Donovan J.W. & Rees G.H, 1994, Birds of Pembrokeshire

DAVIS, P.E. 1957. The breeding of the Storm Petrel. British Birds 50: 85-101, 371-374.

LOCKLEY, R.M. 1932. On the breeding habits of the Storm Petrel with special reference to its incubation and fledging periods. British Birds 25: 206—211.

SCOTT, D, 1970. The breeding biology of the Storm Petrel. PhD Thesis, University of Oxford.

More about the Storm Petrel in Pembrokeshire

Storm Petrel – 1949

Hydrobates pelagicus

Mathew knew only of a small colony “in the chinks of an old wall on top of the cliff” on Skomer. 

There are still some on Skomer (about 30 pairs in 1946), but the main colony is on Skokholm, estimated in 1939 at 600 pairs.  It is preyed upon extensively by Little Owls on these islands.  Also breeds on islets in St Brides Bay, but not on Grassholm (1934).  Occurs in winter inland occasionally after gales, eg one Haverfordwest 12 Dec 1939.

R.M.Lockley, G.C.S.Ingram, H.M.Salmon, 1949, The Birds of Pembrokeshire, The West Wales Field Society

More about the Storm Petrel in Pembrokeshire

Storm Petrel – 1894

Procellaria pelagica

This, tiny Petrel, commonly known by the name of ” Mother Carey’s Chicken,” is resident on Skomer Island, where it nests in the chinks of an old wall on the top of the cliff, and probably nests also on other islands off the Pembrokeshire coast. When we were on Skomer on the last day of May we visited this wall, but as the Storm-Petrels are late in breeding there were no eggs there then, although we distinctly perceived the unmistakable Petrel odour clinging in places to the stones, showing that the birds were at that time visiting the wall.

The Storm Petrel does not lay its single white egg before the end of June, or even later, for in the Zoologist for 1886, p. 457, the Rev. H. A. Macpherson mentions an adult and nestling that he saw in Leadenhall market, in London, as late as 20th September. Both, he was told, had come from Skomer ; the nestling was taken on 18th September, and was fully feathered, but still retained some of the sooty down, especially upon the belly.

After severe gales the little Storm Petrel is occasionally picked up inland at some distance from the coast. In stormy weather in the autumn some are captured at the Light House on the South Bishop’s Rock; on the night of October 14, 1883, eight were taken; it was misty weather, with a S.E. breeze, and a drizzling rain. A great number of small birds struck that night against the light, ninety were killed, and two hundred were taken in a net. Three “Falcon Hawks and a Large-horned Owl” were also present, and “made sad havoc among them” (Migration Reports, 1883).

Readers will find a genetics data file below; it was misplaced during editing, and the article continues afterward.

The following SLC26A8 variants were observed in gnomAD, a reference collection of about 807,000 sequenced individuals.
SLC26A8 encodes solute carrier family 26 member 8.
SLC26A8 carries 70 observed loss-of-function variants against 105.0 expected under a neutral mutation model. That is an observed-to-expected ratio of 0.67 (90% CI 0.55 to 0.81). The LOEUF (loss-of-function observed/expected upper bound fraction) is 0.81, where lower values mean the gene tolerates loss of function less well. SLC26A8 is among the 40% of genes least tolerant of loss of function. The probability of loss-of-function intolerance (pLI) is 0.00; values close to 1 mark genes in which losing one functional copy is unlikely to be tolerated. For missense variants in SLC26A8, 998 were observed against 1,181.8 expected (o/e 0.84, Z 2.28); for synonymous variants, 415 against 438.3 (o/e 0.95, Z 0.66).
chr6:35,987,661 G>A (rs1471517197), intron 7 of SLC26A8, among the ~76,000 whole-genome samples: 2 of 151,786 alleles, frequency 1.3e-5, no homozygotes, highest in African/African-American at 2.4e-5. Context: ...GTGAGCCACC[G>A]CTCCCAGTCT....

It seems strange that the Storm Petrels should be betrayed into danger by the glare of the Light House lights. One would have thought that, from being always about and skimming over the water at night time, they would have become accustomed to the lights; we can only suppose that in misty weather they are bewildered and become reckless, and so approach too near to what in ordinary weather they would be careful to avoid.

Mathew M.A. 1894, Birds of Pembrokeshire and its Islands

More about the Storm Petrel in Pembrokeshire

Storm Petrel

Hydrobates pelagicus – PEDRYN DRYCIN – Breeding summer visitor. Not recorded in January and February.

Storm Petrel – 2003-07 breeding

Hydrobates pelagicus – PEDRYN DRYCIN – Breeding summer visitor. Not recorded in January and February. Comparison with previous atlas: 1984-88 2003-07 Breeding confirmed 3 3 Breeding probable Breeding possible No of tetrads occupied 3 (of 478) 3 (of 490) Percentage of tetrads <1% <1% Storm Petrels breed only on the offshore islands, preferring rocky scree […]

Storm Petrel – 1994

Hydrobates pelagicus – PEDRYN DRYCIN – Breeding summer visitor. Not recorded in January and February. 1984-88 Breeding confirmed 3 Breeding probable Breeding possible No of tetrads occupied 3 (of 478) Percentage of tetrads 0.6% Storm Petrels are difficult birds to survey, since they nest in crevices, often on inaccessible scree slopes. However, 6,000 pairs were […]

Storm Petrel – 1949

Species account from the Birds of Pembrokeshire, 1949, by Lockley, Ingram and Salmon.

Storm Petrel – 1894

Procellaria pelagica This, tiny Petrel, commonly known by the name of ” Mother Carey’s Chicken,” is resident on Skomer Island, where it nests in the chinks of an old wall on the top of the cliff, and probably nests also on other islands off the Pembrokeshire coast. When we were on Skomer on the last day of May we visited […]